Last week the Minister for Finance, Deputy Noonan, unveiled his new plans for bank restructuring. He revealed that Ireland would have two domestic, universal, full-service banks as the core pillars of the banking system. Bank of Ireland will make up the first pillar, while a merger of AIB and EBS will make up the second. We were also told that the core businesses of these new banks, into which we have pumped and are still pumping vast sums of money, will be focused on serving the needs of retail, commercial and corporate customers residing in Ireland. We are told that this new, restructured banking system is to lend in excess of €30 billion to the economy in the next three years, and credit will supposedly be flowing once more, just like the champagne in the Galway tent a few years ago. With €70 billion of Irish taxpayers' money invested, we can only hope this credit materialises.
We have heard so much lately about stress tests and bank restructuring that the debt burden on the State and on ordinary people has almost been downgraded. At the EU's insistence, peripheral countries are being forced to slash their budget deficits regardless of detrimental consequences for growth. As austerity drags down output, their enormous debts, expected to peak at 160% of GDP for Greece, 125% for Ireland and 100% for Portugal, look ever more unpayable. Bond yields remain stubbornly high, creating a depressing downward spiral of debt that inevitably chokes off growth.
Members of the current Government voted against the calamitous EU-IMF bailout only four months ago, so what has changed so radically to make them renege on their recent promises?
Does the Tánaiste and Minister for Foreign Affairs, Deputy Eamon Gilmore, remember telling the people of this State the following?:
Labour's view is clear. This is a bad deal for Ireland. Because it is a bad deal for Ireland, we will vote against it here and, in the forthcoming election, we will seek a mandate to renegotiate it... Why are European banks being protected from losses in respect of senior bonds, while the Irish taxpayer is carrying the can? Europe made its contribution to the problem and must also make a contribution to the solution. It must do so because until there is a solution to the Irish crisis, there will be no overall solution to the euro crisis.
In support of the motion seeking a referendum on the bailout, I finish by quoting the words of the current Minister for Finance, Deputy Michael Noonan, who, when in Opposition, said of senior bondholders:
The Irish Government and the taxpayer has no liability whatsoever for these debts, but the bailout deal is now forcing them to accept liability because it puts this imposition on them. In the budget, the Minister for Finance reduced social welfare payments, punished the blind, disabled, widows, carers and the unemployed and he taxed the poorest at work, and for what? It was so that the taxpayer can take on liability for debts the country never incurred and arose from private arrangements between private institutions. What a disaster and an obscenity. How can the Government stand over it? How can our European colleagues stand over it?
With those words, the Minister for Finance put more succinctly than anyone else the case for a referendum on this deal.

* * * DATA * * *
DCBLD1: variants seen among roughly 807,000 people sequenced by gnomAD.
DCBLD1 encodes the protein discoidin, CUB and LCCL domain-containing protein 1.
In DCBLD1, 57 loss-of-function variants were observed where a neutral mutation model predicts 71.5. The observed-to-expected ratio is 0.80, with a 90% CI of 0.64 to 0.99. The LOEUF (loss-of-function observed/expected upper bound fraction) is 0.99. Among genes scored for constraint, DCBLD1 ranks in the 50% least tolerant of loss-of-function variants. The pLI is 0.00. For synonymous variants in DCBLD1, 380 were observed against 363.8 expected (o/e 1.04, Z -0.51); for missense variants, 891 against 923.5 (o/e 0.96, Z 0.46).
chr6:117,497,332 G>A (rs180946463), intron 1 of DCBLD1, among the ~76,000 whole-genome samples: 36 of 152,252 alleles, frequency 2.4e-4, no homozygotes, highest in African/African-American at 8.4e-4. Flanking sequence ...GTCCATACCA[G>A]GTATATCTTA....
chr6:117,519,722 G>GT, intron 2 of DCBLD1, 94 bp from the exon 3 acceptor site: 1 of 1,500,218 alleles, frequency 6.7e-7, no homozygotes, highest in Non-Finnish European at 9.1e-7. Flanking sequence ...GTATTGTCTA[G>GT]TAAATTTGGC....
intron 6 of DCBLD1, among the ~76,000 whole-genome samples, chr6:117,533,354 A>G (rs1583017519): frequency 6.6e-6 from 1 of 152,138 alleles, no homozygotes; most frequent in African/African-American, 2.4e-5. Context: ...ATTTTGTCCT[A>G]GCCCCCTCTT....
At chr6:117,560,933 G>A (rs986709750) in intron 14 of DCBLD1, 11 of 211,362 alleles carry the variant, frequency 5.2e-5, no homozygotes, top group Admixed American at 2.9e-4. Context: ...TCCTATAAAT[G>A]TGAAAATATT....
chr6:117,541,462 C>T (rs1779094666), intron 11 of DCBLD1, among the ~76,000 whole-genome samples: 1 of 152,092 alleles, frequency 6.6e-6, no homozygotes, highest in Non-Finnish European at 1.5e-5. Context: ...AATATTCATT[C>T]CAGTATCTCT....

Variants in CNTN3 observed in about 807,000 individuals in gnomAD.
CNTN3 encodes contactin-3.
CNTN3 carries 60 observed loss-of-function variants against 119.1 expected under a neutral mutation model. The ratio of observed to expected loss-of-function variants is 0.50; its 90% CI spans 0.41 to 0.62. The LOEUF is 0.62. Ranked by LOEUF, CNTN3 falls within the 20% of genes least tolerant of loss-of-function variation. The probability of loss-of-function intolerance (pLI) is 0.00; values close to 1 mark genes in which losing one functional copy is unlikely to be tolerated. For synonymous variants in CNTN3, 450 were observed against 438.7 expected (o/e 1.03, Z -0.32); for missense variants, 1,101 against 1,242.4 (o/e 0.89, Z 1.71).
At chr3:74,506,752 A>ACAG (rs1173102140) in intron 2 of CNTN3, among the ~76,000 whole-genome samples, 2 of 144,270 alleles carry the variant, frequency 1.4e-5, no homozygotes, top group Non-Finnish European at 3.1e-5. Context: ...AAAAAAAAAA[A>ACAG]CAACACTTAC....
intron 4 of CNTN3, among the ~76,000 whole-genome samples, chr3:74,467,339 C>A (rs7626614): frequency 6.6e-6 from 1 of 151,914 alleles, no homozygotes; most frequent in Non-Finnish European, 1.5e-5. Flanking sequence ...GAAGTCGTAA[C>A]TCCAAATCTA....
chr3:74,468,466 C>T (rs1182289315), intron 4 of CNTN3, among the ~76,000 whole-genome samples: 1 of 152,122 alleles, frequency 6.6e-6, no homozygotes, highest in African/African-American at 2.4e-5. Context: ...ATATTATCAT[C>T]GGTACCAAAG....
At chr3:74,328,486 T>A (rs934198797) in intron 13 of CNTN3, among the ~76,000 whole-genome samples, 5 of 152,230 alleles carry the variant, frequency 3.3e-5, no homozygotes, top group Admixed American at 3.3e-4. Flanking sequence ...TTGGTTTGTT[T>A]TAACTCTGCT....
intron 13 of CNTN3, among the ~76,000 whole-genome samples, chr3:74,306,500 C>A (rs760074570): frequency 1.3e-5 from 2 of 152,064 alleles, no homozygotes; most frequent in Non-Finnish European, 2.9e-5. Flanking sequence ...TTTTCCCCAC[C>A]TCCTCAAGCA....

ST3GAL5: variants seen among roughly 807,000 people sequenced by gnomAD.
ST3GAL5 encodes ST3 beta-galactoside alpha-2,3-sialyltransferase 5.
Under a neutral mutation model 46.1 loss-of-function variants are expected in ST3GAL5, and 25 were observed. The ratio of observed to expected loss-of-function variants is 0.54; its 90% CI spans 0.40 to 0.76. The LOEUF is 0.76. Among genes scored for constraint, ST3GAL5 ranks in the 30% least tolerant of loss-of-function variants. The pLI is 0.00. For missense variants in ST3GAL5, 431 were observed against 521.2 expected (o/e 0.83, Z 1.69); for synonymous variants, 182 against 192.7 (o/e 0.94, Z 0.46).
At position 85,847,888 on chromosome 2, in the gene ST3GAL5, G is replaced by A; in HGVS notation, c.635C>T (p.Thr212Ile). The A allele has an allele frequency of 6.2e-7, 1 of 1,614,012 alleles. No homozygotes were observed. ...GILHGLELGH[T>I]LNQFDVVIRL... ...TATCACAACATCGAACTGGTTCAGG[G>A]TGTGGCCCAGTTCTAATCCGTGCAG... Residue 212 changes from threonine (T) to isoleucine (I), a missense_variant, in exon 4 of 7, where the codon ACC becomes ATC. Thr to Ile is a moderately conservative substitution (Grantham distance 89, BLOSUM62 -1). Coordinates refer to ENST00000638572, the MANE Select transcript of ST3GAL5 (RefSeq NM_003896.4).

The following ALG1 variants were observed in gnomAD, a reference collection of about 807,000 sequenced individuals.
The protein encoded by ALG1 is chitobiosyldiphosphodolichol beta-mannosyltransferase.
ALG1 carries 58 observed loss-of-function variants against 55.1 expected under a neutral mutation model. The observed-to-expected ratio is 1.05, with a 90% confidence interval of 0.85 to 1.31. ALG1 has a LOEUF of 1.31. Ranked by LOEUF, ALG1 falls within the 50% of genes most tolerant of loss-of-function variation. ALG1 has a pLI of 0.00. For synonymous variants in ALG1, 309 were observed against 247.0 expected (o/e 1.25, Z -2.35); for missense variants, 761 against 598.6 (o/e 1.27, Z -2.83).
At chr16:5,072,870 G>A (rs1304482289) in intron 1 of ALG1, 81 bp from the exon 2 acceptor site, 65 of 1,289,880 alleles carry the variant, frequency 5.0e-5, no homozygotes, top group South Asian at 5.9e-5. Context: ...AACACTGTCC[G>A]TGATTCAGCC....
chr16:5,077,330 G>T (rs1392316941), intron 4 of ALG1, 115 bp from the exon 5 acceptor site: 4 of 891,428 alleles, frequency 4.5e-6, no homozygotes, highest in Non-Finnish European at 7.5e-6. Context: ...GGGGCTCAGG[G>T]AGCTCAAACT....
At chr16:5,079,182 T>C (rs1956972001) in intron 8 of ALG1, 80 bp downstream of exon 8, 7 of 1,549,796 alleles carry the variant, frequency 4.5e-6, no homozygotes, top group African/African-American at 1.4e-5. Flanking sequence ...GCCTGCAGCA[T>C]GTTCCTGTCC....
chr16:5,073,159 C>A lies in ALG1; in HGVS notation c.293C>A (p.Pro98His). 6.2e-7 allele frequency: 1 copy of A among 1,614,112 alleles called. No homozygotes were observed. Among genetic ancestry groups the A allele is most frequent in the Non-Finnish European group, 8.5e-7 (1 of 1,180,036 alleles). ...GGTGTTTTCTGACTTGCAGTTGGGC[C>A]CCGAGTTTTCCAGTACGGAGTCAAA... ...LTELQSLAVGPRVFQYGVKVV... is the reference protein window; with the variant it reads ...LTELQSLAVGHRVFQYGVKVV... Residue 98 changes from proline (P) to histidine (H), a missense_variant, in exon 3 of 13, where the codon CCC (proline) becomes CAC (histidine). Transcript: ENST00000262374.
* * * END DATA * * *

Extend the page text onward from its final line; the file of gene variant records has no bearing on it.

The contribution from Deputy McDonald is notable in three ways. The first is in regard to what I thought was a somewhat sneering hope that everything the State is clinging to will collapse into chaos so we can then use that as some way of winning an argument. The security and stability of the State is in question - we know that as well as the Deputy. We understand that we have a responsibility to keep our banking system intact and to find a way to regain the sovereignty of the State.
The second way in which the contribution was notable was that at no time during its eight to ten minutes did I hear a single statement regarding what Sinn Féin would do differently. Nowhere did I hear the course of action it would undertake if it ever found itself in a position of authority.
That is a fact. In the eight to ten minute contribution, which I was happy to listen to, nowhere did I hear what Sinn Féin would do differently. As somebody from a party that had the misfortune to spend so long in Opposition, I can tell Sinn Féin that this kind of rhetoric will get it so far but it will not get it to where it needs to be, which is in a position to come up with a credible plan that people want to listen to and believe.
The third notable feature of the contribution concerns the fact, which I acknowledge, that Sinn Féin has made an extraordinarily positive contribution to the State in terms of what it has done in the North and the peace it has played such a powerful role in bringing about. It did that through years of patient, positive, incremental negotiation. However, it is now looking at a Government that is trying to undo three years of the most disastrous banking policy in modern European if not global history, yet Deputy McDonald is disappointed it cannot be done in three and a half weeks, forgetting all of the positive lessons her own party demonstrates. That is the challenge.
To return to my second theme, the question is what would be done differently, which is an issue of deep concern to me and members of the Government. I thought it noteworthy that Deputy McDonald described bondholders as "leeches". Actually, it is bondholders - private investors who buy Government debt - who provide the money that keeps our schools and hospitals open, whether they be in investment funds or pension trusts. A recent study from University College, Cork stated that half of those funds were held by Irish citizens. Are we calling those people leeches?
I wish it was the case we were in a situation where these so-called leeches, a term I reject, were in a position that they wanted to lend money to Ireland. The tragedy of what the Government has inherited is that the international markets would prefer to lend money to Thailand or the Bahamas than to the Republic of Ireland. That is the plight the Government must undo and what we will undo during our term of office.